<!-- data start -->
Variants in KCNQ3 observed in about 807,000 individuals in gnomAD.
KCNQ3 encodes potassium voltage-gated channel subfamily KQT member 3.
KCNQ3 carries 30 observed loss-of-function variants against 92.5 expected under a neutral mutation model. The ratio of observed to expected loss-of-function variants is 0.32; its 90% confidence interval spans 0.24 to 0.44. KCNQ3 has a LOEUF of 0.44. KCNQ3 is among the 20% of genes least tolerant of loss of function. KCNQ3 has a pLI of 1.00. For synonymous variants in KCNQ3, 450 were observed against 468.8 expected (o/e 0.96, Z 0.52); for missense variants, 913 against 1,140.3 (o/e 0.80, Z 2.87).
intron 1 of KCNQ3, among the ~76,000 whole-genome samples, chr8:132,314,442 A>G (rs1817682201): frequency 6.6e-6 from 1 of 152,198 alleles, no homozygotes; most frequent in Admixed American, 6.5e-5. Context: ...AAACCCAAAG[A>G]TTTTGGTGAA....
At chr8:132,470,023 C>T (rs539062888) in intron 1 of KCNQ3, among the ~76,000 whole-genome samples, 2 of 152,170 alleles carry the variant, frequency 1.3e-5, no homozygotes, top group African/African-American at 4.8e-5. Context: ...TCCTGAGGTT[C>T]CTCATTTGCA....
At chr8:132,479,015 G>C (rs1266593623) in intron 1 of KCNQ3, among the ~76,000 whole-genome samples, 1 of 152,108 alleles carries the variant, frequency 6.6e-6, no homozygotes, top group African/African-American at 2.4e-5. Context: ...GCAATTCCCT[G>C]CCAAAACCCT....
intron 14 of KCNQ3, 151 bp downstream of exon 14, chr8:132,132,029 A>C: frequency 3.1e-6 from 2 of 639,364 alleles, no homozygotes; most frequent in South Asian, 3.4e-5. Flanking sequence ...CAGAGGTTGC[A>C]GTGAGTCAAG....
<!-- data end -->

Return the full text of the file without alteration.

Variants in KCNQ3 observed in about 807,000 individuals in gnomAD.
KCNQ3 encodes potassium voltage-gated channel subfamily KQT member 3.
KCNQ3 carries 30 observed loss-of-function variants against 92.5 expected under a neutral mutation model. The ratio of observed to expected loss-of-function variants is 0.32; its 90% confidence interval spans 0.24 to 0.44. KCNQ3 has a LOEUF of 0.44. KCNQ3 is among the 20% of genes least tolerant of loss of function. KCNQ3 has a pLI of 1.00. For synonymous variants in KCNQ3, 450 were observed against 468.8 expected (o/e 0.96, Z 0.52); for missense variants, 913 against 1,140.3 (o/e 0.80, Z 2.87).
intron 1 of KCNQ3, among the ~76,000 whole-genome samples, chr8:132,314,442 A>G (rs1817682201): frequency 6.6e-6 from 1 of 152,198 alleles, no homozygotes; most frequent in Admixed American, 6.5e-5. Context: ...AAACCCAAAG[A>G]TTTTGGTGAA....
At chr8:132,470,023 C>T (rs539062888) in intron 1 of KCNQ3, among the ~76,000 whole-genome samples, 2 of 152,170 alleles carry the variant, frequency 1.3e-5, no homozygotes, top group African/African-American at 4.8e-5. Context: ...TCCTGAGGTT[C>T]CTCATTTGCA....
At chr8:132,479,015 G>C (rs1266593623) in intron 1 of KCNQ3, among the ~76,000 whole-genome samples, 1 of 152,108 alleles carries the variant, frequency 6.6e-6, no homozygotes, top group African/African-American at 2.4e-5. Context: ...GCAATTCCCT[G>C]CCAAAACCCT....
intron 14 of KCNQ3, 151 bp downstream of exon 14, chr8:132,132,029 A>C: frequency 3.1e-6 from 2 of 639,364 alleles, no homozygotes; most frequent in South Asian, 3.4e-5. Flanking sequence ...CAGAGGTTGC[A>C]GTGAGTCAAG....